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Artwork displayed outside Tulsa firehouse

Fire Department art at east Tulsa station 33
City of Tulsa
Fire Department art at east Tulsa station 33

Public art for the new Fire Station 33, 4109 S. 134th East Ave., has been installed. This commissioned work, titled “Protect,” is available for the public to enjoy. The 6-foot-tall, stainless steel sculpture is near the flagpole and public parking lot on the west side of Station 33. The Arts Commission of the City of Tulsa chose the design team of Joe Norman and the National Sculptors’ Guild for this $48,000 project. According to the National Sculptors’ Guild, this sculpture, fabricated at Joe Norman’s studio in Loveland, Colo., is intended to “activate the site and signify the exemplary service of firefighters in a single, free-standing sculpture.”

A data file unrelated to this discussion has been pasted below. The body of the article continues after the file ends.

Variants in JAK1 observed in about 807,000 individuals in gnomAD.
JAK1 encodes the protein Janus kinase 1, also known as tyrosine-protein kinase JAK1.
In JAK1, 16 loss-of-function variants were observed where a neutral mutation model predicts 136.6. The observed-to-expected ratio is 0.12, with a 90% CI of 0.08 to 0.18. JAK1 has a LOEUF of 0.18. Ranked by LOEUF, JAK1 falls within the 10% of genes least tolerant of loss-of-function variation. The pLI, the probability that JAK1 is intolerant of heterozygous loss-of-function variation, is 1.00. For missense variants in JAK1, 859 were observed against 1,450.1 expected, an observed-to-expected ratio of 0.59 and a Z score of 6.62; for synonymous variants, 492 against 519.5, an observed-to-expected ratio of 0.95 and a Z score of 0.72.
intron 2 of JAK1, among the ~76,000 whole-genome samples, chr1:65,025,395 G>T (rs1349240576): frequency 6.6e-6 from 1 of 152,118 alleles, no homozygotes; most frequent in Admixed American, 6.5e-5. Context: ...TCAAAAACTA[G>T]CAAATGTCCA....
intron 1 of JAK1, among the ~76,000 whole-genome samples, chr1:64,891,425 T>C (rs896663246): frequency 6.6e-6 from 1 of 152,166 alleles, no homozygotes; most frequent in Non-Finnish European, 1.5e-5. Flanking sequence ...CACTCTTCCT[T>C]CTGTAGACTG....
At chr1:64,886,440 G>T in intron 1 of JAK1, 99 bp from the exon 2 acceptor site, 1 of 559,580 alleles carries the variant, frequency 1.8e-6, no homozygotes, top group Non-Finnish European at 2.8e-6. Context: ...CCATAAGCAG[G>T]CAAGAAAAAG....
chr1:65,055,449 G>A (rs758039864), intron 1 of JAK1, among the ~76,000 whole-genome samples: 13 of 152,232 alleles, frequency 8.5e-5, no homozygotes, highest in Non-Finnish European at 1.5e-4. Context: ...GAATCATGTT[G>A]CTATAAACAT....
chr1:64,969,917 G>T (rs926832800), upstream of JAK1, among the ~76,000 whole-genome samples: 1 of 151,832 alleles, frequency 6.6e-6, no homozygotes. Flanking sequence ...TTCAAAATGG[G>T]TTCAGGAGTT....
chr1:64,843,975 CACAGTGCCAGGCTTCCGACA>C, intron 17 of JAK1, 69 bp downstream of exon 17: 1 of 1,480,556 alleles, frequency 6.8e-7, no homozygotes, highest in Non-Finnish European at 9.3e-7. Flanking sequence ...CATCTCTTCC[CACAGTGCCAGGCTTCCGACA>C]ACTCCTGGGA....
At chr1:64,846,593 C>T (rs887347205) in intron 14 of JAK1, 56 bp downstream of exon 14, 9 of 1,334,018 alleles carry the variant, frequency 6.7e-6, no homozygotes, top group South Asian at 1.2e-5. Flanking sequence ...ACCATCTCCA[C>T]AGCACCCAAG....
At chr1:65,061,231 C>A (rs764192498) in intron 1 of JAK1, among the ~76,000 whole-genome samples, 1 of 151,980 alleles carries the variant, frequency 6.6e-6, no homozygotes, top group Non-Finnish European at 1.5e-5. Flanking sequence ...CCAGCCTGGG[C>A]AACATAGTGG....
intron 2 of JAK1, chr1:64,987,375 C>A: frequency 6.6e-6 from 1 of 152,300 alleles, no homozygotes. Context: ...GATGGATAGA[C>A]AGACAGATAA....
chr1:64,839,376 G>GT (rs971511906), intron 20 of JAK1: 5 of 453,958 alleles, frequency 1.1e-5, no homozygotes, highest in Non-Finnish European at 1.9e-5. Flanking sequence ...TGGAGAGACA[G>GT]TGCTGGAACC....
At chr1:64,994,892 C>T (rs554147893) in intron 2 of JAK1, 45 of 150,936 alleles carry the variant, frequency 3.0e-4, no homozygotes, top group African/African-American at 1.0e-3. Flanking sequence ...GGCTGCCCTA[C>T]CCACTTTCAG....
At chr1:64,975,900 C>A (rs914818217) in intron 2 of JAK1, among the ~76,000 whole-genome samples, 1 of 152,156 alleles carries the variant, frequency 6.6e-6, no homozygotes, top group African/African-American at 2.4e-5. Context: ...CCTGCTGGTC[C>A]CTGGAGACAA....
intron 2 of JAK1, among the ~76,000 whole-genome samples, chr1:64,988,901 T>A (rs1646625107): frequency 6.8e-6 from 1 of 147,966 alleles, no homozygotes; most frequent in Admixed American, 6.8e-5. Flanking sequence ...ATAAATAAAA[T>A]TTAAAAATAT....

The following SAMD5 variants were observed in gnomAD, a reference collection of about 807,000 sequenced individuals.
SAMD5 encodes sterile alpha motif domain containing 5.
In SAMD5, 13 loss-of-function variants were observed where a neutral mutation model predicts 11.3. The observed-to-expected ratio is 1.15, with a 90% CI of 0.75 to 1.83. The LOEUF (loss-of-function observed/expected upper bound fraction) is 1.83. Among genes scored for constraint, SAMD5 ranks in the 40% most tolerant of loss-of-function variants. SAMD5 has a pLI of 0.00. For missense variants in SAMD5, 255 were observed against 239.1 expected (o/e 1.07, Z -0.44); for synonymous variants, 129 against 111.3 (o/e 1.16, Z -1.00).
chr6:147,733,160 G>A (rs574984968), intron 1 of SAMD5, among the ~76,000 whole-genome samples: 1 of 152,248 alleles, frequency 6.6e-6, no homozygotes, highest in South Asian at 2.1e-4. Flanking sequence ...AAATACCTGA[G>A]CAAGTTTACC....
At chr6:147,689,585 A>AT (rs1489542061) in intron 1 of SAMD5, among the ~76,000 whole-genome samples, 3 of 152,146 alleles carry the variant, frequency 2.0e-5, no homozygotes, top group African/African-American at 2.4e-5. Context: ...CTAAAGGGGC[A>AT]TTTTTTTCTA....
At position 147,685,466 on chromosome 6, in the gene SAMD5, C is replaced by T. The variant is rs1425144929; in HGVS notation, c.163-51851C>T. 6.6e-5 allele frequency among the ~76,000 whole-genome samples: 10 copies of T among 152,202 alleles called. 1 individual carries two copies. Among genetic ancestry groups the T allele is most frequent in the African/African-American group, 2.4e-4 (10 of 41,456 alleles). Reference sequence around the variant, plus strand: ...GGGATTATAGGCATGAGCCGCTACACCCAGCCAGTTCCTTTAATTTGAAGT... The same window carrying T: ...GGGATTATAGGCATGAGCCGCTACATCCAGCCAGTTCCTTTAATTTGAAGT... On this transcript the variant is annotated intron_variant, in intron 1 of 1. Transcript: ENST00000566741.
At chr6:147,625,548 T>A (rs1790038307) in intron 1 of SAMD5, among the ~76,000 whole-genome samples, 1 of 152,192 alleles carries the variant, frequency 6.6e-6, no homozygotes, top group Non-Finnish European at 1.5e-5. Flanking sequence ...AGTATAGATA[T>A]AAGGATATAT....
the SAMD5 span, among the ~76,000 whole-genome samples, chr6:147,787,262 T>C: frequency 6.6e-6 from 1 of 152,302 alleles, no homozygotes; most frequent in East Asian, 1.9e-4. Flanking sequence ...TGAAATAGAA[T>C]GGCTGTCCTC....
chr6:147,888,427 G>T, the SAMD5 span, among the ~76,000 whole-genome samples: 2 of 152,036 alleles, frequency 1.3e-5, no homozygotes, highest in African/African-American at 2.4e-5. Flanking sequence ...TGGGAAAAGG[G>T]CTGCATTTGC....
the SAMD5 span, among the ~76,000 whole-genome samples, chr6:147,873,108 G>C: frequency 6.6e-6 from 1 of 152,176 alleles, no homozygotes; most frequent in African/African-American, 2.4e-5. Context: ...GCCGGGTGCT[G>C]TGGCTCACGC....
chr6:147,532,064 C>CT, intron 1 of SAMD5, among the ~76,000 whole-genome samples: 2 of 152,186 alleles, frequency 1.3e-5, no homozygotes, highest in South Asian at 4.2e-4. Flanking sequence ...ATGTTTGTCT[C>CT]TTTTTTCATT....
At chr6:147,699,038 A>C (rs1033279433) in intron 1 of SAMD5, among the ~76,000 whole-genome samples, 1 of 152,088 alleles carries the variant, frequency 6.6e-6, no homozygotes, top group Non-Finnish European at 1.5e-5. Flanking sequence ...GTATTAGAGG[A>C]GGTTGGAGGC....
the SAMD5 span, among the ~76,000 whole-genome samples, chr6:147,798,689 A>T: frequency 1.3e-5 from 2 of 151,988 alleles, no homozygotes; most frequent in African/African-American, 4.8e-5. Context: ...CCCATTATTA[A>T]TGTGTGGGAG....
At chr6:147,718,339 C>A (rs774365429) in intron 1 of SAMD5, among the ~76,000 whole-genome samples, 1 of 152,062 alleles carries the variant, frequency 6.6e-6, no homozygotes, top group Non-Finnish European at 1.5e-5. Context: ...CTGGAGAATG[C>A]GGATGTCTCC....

“The Arts Commission is very impressed with this artist,” Commission Chair Pam Deatherage said. “It’s an interactive piece that changes as you walk around it. Tulsa is very fortunate to have initiated, in 1964, a program where art is provided as part of the project budget - the 1% funded public arts ordinance - to include creative pieces on display at our public buildings.” Standing on a 1,650-pound sandstone base, the sculpture has red letters spelling the word “Protect,” visible from one direction.

Two other perspectives show the gray silhouette of a firefighter. Also according to the National Sculptors’ Guild, the final side, opposite “Protect,” is “an abstraction, symbolic of the unknowns that firefighters face.” “To have the word “Protect” in fire-engine red strengthens what this word means to those in service and the community it serves,” said John Kinkade, director of the National Sculptors’ Guild.

Norman describes his work as “creating public sculptures that show different images or words depending on the viewpoint of the observer.” Norman said, “I believe that having multiple ideas coexist in a single piece is a useful metaphor for the ecosystem of ideas that public art empowers and protects.”